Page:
Mermaids, Unicorns, and Guaranteed Returns

guaranteed-returnsMy kids love shows about mermaids, those delightful ocean creatures of fantasy and dreams. It got me thinking about some of the talk in the business press about unicorns – a new term in the investment community which refers to a start-up company whose valuation exceeds $1 billion dollars.  There is a great deal of money being used to buy investment products that provide ‘guaranteed returns.’

From a young age, most of us are fascinated with fictitious characters and that fascination seems to be present throughout our lives. In the storybooks and movies, there are always heroes that can rescue us from danger and make us safe.  In the case of “safe” guaranteed returns from investment products, the buyers of these products would probably be better off by foregoing the guarantee and simply investing their money in the markets without the promise of a guaranteed return.

My formula for success is simple.  Clients are primarily invested in portfolios of stocks or bonds depending on their goals and the investment climate.  Low cost index funds supplement this strategy when an account cannot be properly diversified in individual stocks and bonds.  A fee is charged to clients for the ongoing management of client portfolios and for the comprehensive financial planning we provide.  Clients know exactly what they are paying. The fee is clearly reported on their quarterly statements.  Unfortunately, much of the financial services industry avoids this kind of transparency to the point where individuals may think they are paying nothing for the services they’re getting.

Recently I was competing for business, and as I always do with new clients, I explained the risks of investing.  I explained that some years the stock and bonds markets lose value.  Over time, investing in the markets has been very rewarding.  This prospect decided to go elsewhere because the other advisor was offering a twenty percent bonus on the funds invested and this prospect told me that the product had no cost associated with it. I offered to review the fine print of the product with this large “up-front bonus and no cost,” but the prospect did not respond to my offer.

Too many people are sold on something that sounds great at the beginning without fully understanding the long term cost. No insurance company would give a twenty percent bonus to their policy holders just to be nice. That money must somehow be covered and accounted for.

Wouldn’t it be great to quit your job, develop an app to change the world, and overnight be the owner of a $1 billion dollar company?  Uber, Airbnb, Snapchat, SpaceX, Pinterest, Dropbox, and Square are just some of those unicorns that have achieved this.  The founders have become wealthy in a short period of time. These stories are a new version of the American dream where the success we dream of happens overnight rather than through years of hard work with gradual increases in income and eventual retirement.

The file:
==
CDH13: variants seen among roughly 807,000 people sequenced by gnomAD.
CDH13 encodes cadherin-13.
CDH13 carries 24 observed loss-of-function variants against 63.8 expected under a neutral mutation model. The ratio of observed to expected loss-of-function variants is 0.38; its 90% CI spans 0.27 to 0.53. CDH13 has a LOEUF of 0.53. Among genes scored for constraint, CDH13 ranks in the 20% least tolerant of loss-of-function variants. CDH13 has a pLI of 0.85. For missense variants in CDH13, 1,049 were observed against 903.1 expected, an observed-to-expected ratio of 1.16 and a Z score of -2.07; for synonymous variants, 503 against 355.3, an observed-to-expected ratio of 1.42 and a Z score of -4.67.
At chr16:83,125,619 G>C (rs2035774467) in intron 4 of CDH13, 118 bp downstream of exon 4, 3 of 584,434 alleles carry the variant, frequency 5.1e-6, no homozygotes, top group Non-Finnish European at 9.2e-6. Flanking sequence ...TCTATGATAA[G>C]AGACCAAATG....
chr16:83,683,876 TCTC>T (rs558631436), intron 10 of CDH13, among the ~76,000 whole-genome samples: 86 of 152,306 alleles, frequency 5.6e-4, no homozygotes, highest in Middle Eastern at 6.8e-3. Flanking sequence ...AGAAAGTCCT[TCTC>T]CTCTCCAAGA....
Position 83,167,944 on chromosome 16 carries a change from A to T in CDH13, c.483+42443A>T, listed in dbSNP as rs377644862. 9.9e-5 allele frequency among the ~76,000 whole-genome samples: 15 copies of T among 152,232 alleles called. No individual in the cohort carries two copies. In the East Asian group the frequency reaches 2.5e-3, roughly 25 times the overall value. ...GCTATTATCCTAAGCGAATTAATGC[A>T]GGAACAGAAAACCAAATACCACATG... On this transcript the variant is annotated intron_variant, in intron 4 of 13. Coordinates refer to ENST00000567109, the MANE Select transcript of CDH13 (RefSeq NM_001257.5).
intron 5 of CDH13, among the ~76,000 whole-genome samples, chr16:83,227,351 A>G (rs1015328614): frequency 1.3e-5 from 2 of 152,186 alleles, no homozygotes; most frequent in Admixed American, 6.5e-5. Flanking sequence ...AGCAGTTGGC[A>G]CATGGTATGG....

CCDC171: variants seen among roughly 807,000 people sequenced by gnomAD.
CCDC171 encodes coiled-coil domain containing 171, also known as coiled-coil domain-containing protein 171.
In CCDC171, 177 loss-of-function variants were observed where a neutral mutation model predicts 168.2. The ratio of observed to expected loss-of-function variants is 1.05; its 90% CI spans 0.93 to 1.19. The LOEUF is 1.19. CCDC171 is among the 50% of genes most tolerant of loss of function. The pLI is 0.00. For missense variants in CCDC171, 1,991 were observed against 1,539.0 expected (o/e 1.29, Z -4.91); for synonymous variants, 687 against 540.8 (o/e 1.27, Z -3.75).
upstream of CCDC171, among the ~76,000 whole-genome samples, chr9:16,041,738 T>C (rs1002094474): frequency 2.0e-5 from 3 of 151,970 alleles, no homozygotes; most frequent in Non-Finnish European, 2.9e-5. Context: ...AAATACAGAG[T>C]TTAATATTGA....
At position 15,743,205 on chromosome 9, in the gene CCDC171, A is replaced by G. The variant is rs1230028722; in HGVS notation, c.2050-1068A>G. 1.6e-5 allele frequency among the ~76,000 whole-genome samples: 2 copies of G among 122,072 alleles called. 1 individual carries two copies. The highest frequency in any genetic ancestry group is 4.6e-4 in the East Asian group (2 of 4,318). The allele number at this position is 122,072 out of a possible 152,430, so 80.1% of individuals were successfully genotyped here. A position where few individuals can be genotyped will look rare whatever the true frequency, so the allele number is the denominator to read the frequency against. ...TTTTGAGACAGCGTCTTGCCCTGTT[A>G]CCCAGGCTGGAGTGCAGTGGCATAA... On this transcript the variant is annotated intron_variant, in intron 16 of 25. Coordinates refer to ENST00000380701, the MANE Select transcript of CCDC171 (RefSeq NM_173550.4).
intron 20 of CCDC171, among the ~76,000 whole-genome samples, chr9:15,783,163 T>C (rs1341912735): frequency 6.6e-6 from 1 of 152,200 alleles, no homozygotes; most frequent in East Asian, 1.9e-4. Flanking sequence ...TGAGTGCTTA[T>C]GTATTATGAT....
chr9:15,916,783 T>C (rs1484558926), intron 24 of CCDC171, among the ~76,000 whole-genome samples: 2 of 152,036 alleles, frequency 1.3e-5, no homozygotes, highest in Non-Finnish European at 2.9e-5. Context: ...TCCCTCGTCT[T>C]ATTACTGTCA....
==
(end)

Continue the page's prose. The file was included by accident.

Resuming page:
Most enduring success is achieved gradually over time as we build our businesses or careers and save a portion of our earnings for the future.  My success was never guaranteed and the performance of my clients’ savings have no artificial guarantees. But they do have a track record.  We follow time tested strategies and my clients have profited and are achieving their life goals.

It is fine that children believe in Santa and the Easter Bunny.  Let them enjoy the shows about mermaids and dragons, and yes, unicorns.  At some point children understand what’s real and what’s not.  Investors need to understand the real world and the structure of their investment holdings. Even the lowest cost investment products like the Vanguard index funds are not free as they have an expense ratio.

A lot of money is being tied up in investment products that will lock in today’s low interest rates for the rest of people’s lives.  The long-term benefits of investing often gets overshadowed by the comfort of having a guaranteed return starting today.  The costs of these guarantees often come in the form of low returns to the investor while the issuing company profits handsomely.  Remember, there is no “free lunch.” No large company is willing to give away its profits because they just want to help people.

My advice is to thoroughly analyze the long-term impact of your investment decisions.  Most investment products with guarantees have little or no liquidity which means that the decision you make is irrevocable. Get a second opinion before committing to an investment that cannot be surrendered without a large charge. Research what the investment is expected to be worth ten, twenty, and thirty years into the future and compare that to other types of investments using realistic potential returns.

The real impact of one’s decisions are often not felt until decades later when it’s too late to change course. When seeking the counsel of a Certified Financial Planner (CFP®) you shouldn’t need to worry about a high pressure sales pitch. Many CFPs will offer a complementary initial consultation and provide clear information about their fees. Isn’t an hour or two of your time worth it when the decisions you make today will affect you and your family for many years into the future?